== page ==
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Robert D. Hicks, PhD is the Director of the Mütter Museum and its Historical Medical Library; the William Maul Measey Chair for the History of Medicine; and project director of Spit Spreads Death: The Influenza Pandemic of 1918 in Philadelphia. In the following post he discusses the museum staff’s journey to explore the influenza pandemic of 1918-19 and what sparked their interest in creating Spit Spreads Death.
Spit replaces a long-term exhibition, Broken Bodies, Suffering Spirits: Injury, Death, and Healing in Civil War Philadelphia. We did not want to follow a war exhibition with another war, World War I. When thinking of what health event might be of great significance in Philadelphia, pandemics came to mind. In 1793, Philadelphia, then the capital of the young United States, experienced a yellow fever epidemic that killed almost 10% of the city’s population and rendered the United States Congress and local government inoperative. This event, however, was overshadowed by the influenza pandemic of 1918 in which Philadelphia experienced the highest mortality rate of any major American city. This pandemic came into town swiftly, disabled local government and area hospitals, killed 12,000 in the first six weeks, and then slowly vanished. As in 1793 with yellow fever, no one knew (yet) what caused the disease (a virus, as it happens) or how it was communicated. An epidemic is a widespread, active, and uncontrollable disease that stems from a local event; however, a pandemic differs in scale. It is vast, worldwide. Why, though, does the 1918 influenza pandemic not occupy a prominent fixture in the history of the 20th century? Philadelphia has statues and monuments to the Civil War, but none—not a single memorial plaque—to the memory of those who died of the flu.
In deciding to pursue Spit, we wanted to commemorate the 1918 tragedy by creating art (see the blog by Nancy Hill) as a form of memorialization by recreating the Liberty Loan fundraising parade of September, 1918; coupled with an historical presentation in the form of the exhibition; and consciousness of health threats through a public health fair. The pandemic hit during the closing months of World War I. No part of the country was spared because of the imperative to support the war effort. Throughout the pandemic, President Woodrow Wilson never made a public statement about the flu, and no federal agency provided emergency relief. Further, two federal statutes effectively shut down any criticism whatsoever of the government’s handling of the war, and public talk about the flu could be construed as anti-patriotic. Unlike battles in war, the flu left no structures, battlefields, weapons, only graves and sickrooms. Diseases do not arrive in uniform with weapons and flags: they just happen. Although the Philadelphia press reported on mortality and highlighted the prominent people who were flu stricken, people whose families were afflicted suffered alone, especially as parents and children began to recover from illness while other family members died. Survivors mourned alone and no opportunity arose for a common community discourse about what had just occurred.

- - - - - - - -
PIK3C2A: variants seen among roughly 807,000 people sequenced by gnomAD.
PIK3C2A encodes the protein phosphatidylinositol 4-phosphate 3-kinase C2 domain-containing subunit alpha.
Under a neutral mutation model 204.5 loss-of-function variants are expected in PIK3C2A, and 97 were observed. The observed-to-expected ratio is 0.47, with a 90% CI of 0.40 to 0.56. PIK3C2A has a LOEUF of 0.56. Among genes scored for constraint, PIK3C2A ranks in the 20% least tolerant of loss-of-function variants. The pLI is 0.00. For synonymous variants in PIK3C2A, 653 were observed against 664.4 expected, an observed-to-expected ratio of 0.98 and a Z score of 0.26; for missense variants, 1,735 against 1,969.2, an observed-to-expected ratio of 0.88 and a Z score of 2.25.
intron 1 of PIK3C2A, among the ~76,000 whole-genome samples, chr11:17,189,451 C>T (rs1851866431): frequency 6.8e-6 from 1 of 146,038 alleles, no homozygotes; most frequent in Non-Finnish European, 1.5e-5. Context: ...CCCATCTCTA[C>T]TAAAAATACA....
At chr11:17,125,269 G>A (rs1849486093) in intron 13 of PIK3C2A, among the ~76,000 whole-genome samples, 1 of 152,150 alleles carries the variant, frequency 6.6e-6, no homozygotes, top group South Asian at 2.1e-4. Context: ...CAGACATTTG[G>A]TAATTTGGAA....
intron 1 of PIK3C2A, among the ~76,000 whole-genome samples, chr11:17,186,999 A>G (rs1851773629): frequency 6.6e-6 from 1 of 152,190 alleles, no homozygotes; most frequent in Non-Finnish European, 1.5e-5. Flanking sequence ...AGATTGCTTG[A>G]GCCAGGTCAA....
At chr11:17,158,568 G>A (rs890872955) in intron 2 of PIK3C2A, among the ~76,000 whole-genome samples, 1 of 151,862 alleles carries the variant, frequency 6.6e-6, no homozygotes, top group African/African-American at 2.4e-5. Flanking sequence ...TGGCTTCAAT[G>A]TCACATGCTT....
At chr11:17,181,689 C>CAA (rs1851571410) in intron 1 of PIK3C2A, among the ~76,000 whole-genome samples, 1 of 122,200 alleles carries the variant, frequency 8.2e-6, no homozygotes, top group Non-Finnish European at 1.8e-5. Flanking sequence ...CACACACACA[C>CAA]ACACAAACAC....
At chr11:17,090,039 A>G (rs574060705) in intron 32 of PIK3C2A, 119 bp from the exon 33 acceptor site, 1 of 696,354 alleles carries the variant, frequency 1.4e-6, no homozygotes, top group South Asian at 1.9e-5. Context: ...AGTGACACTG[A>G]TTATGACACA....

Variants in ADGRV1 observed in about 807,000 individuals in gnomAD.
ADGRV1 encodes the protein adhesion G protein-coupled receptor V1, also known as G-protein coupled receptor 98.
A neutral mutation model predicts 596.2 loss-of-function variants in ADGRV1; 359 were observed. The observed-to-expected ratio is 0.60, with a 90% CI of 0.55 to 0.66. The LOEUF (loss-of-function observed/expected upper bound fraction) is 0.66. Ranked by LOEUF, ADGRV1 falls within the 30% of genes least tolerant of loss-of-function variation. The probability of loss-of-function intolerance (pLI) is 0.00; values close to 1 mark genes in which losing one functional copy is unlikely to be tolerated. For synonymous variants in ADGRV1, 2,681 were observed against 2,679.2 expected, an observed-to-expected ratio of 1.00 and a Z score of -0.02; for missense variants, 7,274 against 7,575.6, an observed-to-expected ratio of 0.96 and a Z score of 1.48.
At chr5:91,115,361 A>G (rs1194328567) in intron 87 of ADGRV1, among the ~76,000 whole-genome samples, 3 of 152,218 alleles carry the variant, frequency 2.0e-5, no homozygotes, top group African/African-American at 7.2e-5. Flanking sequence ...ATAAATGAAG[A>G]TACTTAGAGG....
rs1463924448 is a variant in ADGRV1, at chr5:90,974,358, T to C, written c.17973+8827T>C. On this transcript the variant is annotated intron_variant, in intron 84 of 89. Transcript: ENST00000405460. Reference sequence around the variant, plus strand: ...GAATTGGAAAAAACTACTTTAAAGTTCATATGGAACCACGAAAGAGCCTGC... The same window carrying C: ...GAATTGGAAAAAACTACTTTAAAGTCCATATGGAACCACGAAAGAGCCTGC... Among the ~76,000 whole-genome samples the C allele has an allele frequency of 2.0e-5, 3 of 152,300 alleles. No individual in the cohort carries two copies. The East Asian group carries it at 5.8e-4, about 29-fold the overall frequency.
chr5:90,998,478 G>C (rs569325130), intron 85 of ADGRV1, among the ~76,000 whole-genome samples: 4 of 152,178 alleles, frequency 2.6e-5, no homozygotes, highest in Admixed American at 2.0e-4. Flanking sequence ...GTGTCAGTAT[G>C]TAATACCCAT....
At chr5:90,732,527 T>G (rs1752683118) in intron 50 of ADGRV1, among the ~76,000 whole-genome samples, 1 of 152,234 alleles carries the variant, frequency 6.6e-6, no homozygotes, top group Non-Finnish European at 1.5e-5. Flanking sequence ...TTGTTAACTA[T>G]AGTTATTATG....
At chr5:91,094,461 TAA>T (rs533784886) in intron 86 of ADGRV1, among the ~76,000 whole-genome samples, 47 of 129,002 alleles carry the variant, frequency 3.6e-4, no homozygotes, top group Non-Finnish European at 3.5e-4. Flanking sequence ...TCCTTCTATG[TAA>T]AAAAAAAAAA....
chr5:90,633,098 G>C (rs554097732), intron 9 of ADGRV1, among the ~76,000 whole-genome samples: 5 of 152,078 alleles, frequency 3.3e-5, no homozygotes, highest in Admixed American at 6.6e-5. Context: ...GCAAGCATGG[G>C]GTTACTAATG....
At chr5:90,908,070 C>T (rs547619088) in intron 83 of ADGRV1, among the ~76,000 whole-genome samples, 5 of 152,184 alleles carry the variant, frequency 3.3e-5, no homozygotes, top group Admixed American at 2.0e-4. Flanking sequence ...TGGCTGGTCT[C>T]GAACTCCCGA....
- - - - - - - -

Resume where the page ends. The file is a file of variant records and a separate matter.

Not only are we planning Spit as a form of memorialization, but also mounting an exhibition of this magnitude can lead museum staff down new paths. Exhibition teams do not arrive at the planning table with intimate knowledge of their subject. Rather, mounting an exhibition means learning. As we began to visit relevant local collections to scout possible display artifacts, we acquired personal stories of family trauma, images, and statistical documents, including death certificates. In reviewing reported statistics as compiled by governmental authorities, we began to suspect that the official death tally for Philadelphia, up to 20,000 over six months, may be an undercount. Flu data were not consistently gathered in most places and the official worldwide death count could be as high as 100 million, possibly 50 million, or maybe less. We may be able to contribute new research to understand this event. This likelihood has propelled our interest.
We also decided to pursue the flu project because, in 1918, the precise source and nature of the flu was yet unknown, its method of transmission vaguely understood. Clinical research to answer these questions began in earnest during the pandemic, but the virus was not identified until the mid-1930’s and the first effective vaccine did not appear until 1945. We anticipated that visitors coming to the Mütter Museum during the lifetime of the exhibition would immediately make a connection to recent news reports of killer disease outbreaks somewhere in the world. We want visitors to experience the wartime ambiance of Philadelphia and learn how Philadelphians responded to the flu. From this, we want to stimulate visitors to reflect on several questions: what is my responsibility to my family, my community, and myself during a disease outbreak when no one understands the disease itself? Can I, or would I exercise leadership at such a time? How should we remember such scenes of devastation?
Participate in the September 28, 2019 parade at which Blast Theory, the artists’ collective working with the Mütter Museum, will create an experience that meditates on these very questions. Then come to the Museum after October 17 to see the exhibition, which will include a short film about the parade: you may see yourself in it.
The Mütter Museum helps the public appreciate the mysteries and beauty of the human body while understanding the history of diagnosis and treatment of disease.